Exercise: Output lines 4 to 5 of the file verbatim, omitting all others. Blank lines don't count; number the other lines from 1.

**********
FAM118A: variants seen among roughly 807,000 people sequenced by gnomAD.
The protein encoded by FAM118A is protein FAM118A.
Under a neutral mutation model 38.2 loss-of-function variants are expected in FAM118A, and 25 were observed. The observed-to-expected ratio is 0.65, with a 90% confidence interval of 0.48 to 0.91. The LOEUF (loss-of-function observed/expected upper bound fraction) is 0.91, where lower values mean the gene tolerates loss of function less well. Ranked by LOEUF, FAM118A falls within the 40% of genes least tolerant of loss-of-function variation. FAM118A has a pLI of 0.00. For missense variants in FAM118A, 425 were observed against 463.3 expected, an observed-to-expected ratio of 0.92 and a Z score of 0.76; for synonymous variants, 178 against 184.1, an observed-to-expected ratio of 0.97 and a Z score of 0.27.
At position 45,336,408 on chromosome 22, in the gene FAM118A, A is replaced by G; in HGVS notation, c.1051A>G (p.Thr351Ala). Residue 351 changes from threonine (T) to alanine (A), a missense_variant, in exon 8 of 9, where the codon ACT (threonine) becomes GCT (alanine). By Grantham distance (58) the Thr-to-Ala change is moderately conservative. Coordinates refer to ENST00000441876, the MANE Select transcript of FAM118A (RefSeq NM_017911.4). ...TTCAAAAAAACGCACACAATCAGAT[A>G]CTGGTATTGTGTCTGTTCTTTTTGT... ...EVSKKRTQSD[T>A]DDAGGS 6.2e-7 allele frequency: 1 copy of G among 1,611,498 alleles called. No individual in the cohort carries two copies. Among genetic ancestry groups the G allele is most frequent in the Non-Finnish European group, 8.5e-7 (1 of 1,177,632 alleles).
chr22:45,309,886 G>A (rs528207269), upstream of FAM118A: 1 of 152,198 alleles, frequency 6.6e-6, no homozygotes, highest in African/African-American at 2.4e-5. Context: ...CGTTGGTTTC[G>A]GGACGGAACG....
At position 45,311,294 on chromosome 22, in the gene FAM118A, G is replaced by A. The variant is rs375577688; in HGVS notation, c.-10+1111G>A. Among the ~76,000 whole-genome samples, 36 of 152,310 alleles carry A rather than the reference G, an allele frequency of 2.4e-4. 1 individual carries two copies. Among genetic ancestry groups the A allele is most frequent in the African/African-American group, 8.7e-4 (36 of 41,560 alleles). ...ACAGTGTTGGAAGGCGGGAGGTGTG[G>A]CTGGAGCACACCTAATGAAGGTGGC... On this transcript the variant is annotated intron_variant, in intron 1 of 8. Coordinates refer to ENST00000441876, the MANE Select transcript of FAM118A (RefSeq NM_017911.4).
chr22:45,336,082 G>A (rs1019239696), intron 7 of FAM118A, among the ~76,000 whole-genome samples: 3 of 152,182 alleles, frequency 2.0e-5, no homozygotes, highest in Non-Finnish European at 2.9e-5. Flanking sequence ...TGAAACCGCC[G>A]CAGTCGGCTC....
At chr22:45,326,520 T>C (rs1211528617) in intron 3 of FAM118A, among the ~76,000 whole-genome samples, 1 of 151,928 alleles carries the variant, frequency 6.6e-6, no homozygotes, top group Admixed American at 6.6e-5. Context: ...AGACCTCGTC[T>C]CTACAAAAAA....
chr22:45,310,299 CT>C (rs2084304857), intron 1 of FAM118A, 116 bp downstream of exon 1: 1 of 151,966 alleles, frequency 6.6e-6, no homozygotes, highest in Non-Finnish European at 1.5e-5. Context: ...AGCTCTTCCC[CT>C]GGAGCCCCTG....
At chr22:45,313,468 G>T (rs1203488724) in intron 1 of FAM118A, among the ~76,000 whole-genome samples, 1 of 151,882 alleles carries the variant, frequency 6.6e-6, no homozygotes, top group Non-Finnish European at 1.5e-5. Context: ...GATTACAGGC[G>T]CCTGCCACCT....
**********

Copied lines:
At position 45,336,408 on chromosome 22, in the gene FAM118A, A is replaced by G; in HGVS notation, c.1051A>G (p.Thr351Ala). Residue 351 changes from threonine (T) to alanine (A), a missense_variant, in exon 8 of 9, where the codon ACT (threonine) becomes GCT (alanine). By Grantham distance (58) the Thr-to-Ala change is moderately conservative. Coordinates refer to ENST00000441876, the MANE Select transcript of FAM118A (RefSeq NM_017911.4). ...TTCAAAAAAACGCACACAATCAGAT[A>G]CTGGTATTGTGTCTGTTCTTTTTGT... ...EVSKKRTQSD[T>A]DDAGGS 6.2e-7 allele frequency: 1 copy of G among 1,611,498 alleles called. No individual in the cohort carries two copies. Among genetic ancestry groups the G allele is most frequent in the Non-Finnish European group, 8.5e-7 (1 of 1,177,632 alleles).
chr22:45,309,886 G>A (rs528207269), upstream of FAM118A: 1 of 152,198 alleles, frequency 6.6e-6, no homozygotes, highest in African/African-American at 2.4e-5. Context: ...CGTTGGTTTC[G>A]GGACGGAACG....